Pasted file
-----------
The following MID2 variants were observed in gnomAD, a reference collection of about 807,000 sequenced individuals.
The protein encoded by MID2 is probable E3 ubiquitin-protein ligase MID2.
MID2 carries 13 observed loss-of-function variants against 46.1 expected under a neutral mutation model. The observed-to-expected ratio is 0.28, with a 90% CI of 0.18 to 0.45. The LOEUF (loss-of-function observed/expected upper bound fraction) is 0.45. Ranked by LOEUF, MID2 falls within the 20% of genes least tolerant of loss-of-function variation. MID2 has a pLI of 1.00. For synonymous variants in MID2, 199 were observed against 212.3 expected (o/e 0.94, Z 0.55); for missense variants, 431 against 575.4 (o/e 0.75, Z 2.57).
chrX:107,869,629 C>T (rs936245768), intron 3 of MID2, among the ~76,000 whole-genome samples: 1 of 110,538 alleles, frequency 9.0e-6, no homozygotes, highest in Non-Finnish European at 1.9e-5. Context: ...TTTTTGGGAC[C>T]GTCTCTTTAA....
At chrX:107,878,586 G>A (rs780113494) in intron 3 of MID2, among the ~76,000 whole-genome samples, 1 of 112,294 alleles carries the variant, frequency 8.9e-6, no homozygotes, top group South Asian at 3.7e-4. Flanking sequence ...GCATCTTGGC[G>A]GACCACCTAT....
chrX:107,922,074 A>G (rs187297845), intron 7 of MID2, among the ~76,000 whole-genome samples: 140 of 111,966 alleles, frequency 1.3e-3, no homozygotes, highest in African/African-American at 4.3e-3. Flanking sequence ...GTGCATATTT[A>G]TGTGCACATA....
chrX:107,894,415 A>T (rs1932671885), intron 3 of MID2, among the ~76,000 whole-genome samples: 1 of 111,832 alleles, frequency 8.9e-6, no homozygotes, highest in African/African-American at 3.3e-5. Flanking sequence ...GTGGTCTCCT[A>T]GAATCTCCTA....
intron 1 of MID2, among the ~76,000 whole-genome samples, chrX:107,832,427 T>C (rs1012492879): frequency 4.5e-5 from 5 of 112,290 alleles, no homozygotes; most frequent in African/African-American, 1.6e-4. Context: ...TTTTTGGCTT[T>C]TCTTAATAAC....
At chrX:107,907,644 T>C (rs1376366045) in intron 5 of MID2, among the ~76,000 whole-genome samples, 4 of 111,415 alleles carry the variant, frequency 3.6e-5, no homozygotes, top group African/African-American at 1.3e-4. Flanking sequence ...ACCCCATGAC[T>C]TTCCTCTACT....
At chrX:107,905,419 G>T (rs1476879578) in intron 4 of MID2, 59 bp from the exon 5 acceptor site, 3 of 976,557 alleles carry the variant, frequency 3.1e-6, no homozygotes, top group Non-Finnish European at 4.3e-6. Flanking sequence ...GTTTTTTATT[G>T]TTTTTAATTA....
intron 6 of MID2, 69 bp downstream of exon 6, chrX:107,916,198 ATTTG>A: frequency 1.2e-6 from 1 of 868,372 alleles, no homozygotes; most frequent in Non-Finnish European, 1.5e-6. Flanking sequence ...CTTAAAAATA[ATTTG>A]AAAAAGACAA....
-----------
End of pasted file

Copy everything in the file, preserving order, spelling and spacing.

The following MID2 variants were observed in gnomAD, a reference collection of about 807,000 sequenced individuals.
The protein encoded by MID2 is probable E3 ubiquitin-protein ligase MID2.
MID2 carries 13 observed loss-of-function variants against 46.1 expected under a neutral mutation model. The observed-to-expected ratio is 0.28, with a 90% CI of 0.18 to 0.45. The LOEUF (loss-of-function observed/expected upper bound fraction) is 0.45. Ranked by LOEUF, MID2 falls within the 20% of genes least tolerant of loss-of-function variation. MID2 has a pLI of 1.00. For synonymous variants in MID2, 199 were observed against 212.3 expected (o/e 0.94, Z 0.55); for missense variants, 431 against 575.4 (o/e 0.75, Z 2.57).
chrX:107,869,629 C>T (rs936245768), intron 3 of MID2, among the ~76,000 whole-genome samples: 1 of 110,538 alleles, frequency 9.0e-6, no homozygotes, highest in Non-Finnish European at 1.9e-5. Context: ...TTTTTGGGAC[C>T]GTCTCTTTAA....
At chrX:107,878,586 G>A (rs780113494) in intron 3 of MID2, among the ~76,000 whole-genome samples, 1 of 112,294 alleles carries the variant, frequency 8.9e-6, no homozygotes, top group South Asian at 3.7e-4. Flanking sequence ...GCATCTTGGC[G>A]GACCACCTAT....
chrX:107,922,074 A>G (rs187297845), intron 7 of MID2, among the ~76,000 whole-genome samples: 140 of 111,966 alleles, frequency 1.3e-3, no homozygotes, highest in African/African-American at 4.3e-3. Flanking sequence ...GTGCATATTT[A>G]TGTGCACATA....
chrX:107,894,415 A>T (rs1932671885), intron 3 of MID2, among the ~76,000 whole-genome samples: 1 of 111,832 alleles, frequency 8.9e-6, no homozygotes, highest in African/African-American at 3.3e-5. Flanking sequence ...GTGGTCTCCT[A>T]GAATCTCCTA....
intron 1 of MID2, among the ~76,000 whole-genome samples, chrX:107,832,427 T>C (rs1012492879): frequency 4.5e-5 from 5 of 112,290 alleles, no homozygotes; most frequent in African/African-American, 1.6e-4. Context: ...TTTTTGGCTT[T>C]TCTTAATAAC....
At chrX:107,907,644 T>C (rs1376366045) in intron 5 of MID2, among the ~76,000 whole-genome samples, 4 of 111,415 alleles carry the variant, frequency 3.6e-5, no homozygotes, top group African/African-American at 1.3e-4. Flanking sequence ...ACCCCATGAC[T>C]TTCCTCTACT....
At chrX:107,905,419 G>T (rs1476879578) in intron 4 of MID2, 59 bp from the exon 5 acceptor site, 3 of 976,557 alleles carry the variant, frequency 3.1e-6, no homozygotes, top group Non-Finnish European at 4.3e-6. Flanking sequence ...GTTTTTTATT[G>T]TTTTTAATTA....
intron 6 of MID2, 69 bp downstream of exon 6, chrX:107,916,198 ATTTG>A: frequency 1.2e-6 from 1 of 868,372 alleles, no homozygotes; most frequent in Non-Finnish European, 1.5e-6. Flanking sequence ...CTTAAAAATA[ATTTG>A]AAAAAGACAA....